The snow-drop presents a beautiful little flower, and is chiefly teemed on account of its early appearance ; adorning the garden, when the soil is covered with snow : it is divided into three va-rieties, known under the names of single, semi-double, and double, which differ only in the seasons of their flowering. They may be easily propagated in any soil, and will multiply exceedingly by off-sets from the roots.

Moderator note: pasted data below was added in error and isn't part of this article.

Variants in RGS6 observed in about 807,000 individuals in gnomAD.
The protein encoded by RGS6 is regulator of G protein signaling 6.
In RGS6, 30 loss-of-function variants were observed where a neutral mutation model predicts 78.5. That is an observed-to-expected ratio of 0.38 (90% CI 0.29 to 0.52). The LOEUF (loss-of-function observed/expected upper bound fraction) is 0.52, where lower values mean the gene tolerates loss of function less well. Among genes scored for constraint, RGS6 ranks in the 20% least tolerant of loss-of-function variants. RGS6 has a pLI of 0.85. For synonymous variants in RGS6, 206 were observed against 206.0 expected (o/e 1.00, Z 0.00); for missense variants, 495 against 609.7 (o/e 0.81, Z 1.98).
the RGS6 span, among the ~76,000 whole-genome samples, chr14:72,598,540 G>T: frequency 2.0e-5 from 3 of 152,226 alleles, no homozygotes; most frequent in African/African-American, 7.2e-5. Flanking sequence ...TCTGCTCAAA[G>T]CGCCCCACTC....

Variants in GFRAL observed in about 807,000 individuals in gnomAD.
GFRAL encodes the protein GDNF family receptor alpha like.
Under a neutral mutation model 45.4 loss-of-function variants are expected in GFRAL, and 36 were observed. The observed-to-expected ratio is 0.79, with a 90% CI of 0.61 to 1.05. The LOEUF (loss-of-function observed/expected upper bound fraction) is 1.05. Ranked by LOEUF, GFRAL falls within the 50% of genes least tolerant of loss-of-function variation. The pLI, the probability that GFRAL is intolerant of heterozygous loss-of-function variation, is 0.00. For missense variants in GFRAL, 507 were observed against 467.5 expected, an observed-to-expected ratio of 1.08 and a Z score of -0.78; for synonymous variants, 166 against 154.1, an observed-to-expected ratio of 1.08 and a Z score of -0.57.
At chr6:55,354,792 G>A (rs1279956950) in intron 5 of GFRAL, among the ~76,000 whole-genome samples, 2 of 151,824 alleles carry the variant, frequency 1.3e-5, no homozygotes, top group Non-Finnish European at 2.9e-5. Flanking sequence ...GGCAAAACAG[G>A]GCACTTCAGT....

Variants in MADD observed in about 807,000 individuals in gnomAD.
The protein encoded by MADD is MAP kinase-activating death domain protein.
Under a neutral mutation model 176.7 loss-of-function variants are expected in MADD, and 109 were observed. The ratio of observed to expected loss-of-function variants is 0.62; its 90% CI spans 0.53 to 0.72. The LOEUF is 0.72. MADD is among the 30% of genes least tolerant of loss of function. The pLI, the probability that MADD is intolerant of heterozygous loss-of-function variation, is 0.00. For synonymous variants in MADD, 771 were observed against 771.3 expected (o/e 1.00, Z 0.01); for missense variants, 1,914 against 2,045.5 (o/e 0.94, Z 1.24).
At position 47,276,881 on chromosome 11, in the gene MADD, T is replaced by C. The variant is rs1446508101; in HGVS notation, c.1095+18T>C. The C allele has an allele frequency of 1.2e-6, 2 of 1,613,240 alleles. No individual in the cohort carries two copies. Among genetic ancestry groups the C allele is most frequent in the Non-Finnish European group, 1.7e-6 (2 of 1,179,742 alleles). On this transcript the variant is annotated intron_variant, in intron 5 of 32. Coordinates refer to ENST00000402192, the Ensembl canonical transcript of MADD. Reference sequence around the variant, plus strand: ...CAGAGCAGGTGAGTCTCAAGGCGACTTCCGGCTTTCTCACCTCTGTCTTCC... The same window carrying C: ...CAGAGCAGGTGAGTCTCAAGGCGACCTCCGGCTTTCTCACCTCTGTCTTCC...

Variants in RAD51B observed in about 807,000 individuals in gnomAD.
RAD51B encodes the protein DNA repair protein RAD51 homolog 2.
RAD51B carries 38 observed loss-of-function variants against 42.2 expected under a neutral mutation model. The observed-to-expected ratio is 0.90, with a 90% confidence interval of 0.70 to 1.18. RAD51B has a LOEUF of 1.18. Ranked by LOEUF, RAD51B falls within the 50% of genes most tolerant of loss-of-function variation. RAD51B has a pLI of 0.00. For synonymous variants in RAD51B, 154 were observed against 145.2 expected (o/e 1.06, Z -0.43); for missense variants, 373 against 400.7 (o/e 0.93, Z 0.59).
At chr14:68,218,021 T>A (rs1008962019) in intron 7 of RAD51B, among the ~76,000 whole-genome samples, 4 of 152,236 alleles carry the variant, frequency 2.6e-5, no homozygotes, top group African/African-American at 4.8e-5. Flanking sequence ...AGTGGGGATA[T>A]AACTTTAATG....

The roots of the snow-drop may be made subservient to an useful domestic purpose: Dr. Darwin thinks that, if they were dug up in the winter, and prepared in a similar manner, they might afford a nutritious powder, resembling, that of salep. He observes, that he once boiled a few; which on tasting them, possessed no unpleasant flavour. He is therefore of opinion, that, if prolific seeds could be procured from this plant, it might be advantageously cultivated for the same purposes as the Orchis; a conjecture which is corroborated by the experiments of GLEDiTscH, whoobtained from the roots of the snow-drop, an excellent starch.